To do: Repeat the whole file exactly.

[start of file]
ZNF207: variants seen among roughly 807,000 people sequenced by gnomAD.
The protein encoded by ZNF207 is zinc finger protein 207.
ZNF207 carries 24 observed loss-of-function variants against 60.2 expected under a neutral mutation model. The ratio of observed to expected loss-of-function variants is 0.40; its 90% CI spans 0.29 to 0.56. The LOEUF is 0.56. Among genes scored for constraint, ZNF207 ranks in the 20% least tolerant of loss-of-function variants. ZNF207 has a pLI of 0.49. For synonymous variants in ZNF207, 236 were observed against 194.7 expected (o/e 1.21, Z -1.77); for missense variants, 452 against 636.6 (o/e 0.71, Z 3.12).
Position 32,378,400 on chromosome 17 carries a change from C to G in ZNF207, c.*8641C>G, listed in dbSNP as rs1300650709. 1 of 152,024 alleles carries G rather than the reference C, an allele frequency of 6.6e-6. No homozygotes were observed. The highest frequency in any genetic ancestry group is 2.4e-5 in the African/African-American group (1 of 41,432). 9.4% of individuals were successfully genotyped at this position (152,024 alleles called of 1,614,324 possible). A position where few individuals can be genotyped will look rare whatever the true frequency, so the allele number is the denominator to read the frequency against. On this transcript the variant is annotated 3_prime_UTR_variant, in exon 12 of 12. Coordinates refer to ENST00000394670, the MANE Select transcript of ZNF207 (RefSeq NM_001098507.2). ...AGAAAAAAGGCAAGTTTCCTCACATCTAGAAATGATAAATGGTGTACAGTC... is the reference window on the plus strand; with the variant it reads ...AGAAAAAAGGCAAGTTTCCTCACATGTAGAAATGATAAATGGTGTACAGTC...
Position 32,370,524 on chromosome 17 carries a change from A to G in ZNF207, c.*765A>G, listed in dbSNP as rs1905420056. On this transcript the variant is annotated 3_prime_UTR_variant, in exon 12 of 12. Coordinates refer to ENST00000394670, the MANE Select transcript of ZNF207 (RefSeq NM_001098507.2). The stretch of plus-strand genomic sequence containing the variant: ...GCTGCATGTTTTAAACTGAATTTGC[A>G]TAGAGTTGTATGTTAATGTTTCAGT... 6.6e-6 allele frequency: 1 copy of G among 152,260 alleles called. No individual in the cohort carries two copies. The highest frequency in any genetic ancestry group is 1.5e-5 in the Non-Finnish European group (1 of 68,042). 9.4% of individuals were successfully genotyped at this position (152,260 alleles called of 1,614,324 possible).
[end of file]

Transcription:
ZNF207: variants seen among roughly 807,000 people sequenced by gnomAD.
The protein encoded by ZNF207 is zinc finger protein 207.
ZNF207 carries 24 observed loss-of-function variants against 60.2 expected under a neutral mutation model. The ratio of observed to expected loss-of-function variants is 0.40; its 90% CI spans 0.29 to 0.56. The LOEUF is 0.56. Among genes scored for constraint, ZNF207 ranks in the 20% least tolerant of loss-of-function variants. ZNF207 has a pLI of 0.49. For synonymous variants in ZNF207, 236 were observed against 194.7 expected (o/e 1.21, Z -1.77); for missense variants, 452 against 636.6 (o/e 0.71, Z 3.12).
Position 32,378,400 on chromosome 17 carries a change from C to G in ZNF207, c.*8641C>G, listed in dbSNP as rs1300650709. 1 of 152,024 alleles carries G rather than the reference C, an allele frequency of 6.6e-6. No homozygotes were observed. The highest frequency in any genetic ancestry group is 2.4e-5 in the African/African-American group (1 of 41,432). 9.4% of individuals were successfully genotyped at this position (152,024 alleles called of 1,614,324 possible). A position where few individuals can be genotyped will look rare whatever the true frequency, so the allele number is the denominator to read the frequency against. On this transcript the variant is annotated 3_prime_UTR_variant, in exon 12 of 12. Coordinates refer to ENST00000394670, the MANE Select transcript of ZNF207 (RefSeq NM_001098507.2). ...AGAAAAAAGGCAAGTTTCCTCACATCTAGAAATGATAAATGGTGTACAGTC... is the reference window on the plus strand; with the variant it reads ...AGAAAAAAGGCAAGTTTCCTCACATGTAGAAATGATAAATGGTGTACAGTC...
Position 32,370,524 on chromosome 17 carries a change from A to G in ZNF207, c.*765A>G, listed in dbSNP as rs1905420056. On this transcript the variant is annotated 3_prime_UTR_variant, in exon 12 of 12. Coordinates refer to ENST00000394670, the MANE Select transcript of ZNF207 (RefSeq NM_001098507.2). The stretch of plus-strand genomic sequence containing the variant: ...GCTGCATGTTTTAAACTGAATTTGC[A>G]TAGAGTTGTATGTTAATGTTTCAGT... 6.6e-6 allele frequency: 1 copy of G among 152,260 alleles called. No individual in the cohort carries two copies. The highest frequency in any genetic ancestry group is 1.5e-5 in the Non-Finnish European group (1 of 68,042). 9.4% of individuals were successfully genotyped at this position (152,260 alleles called of 1,614,324 possible).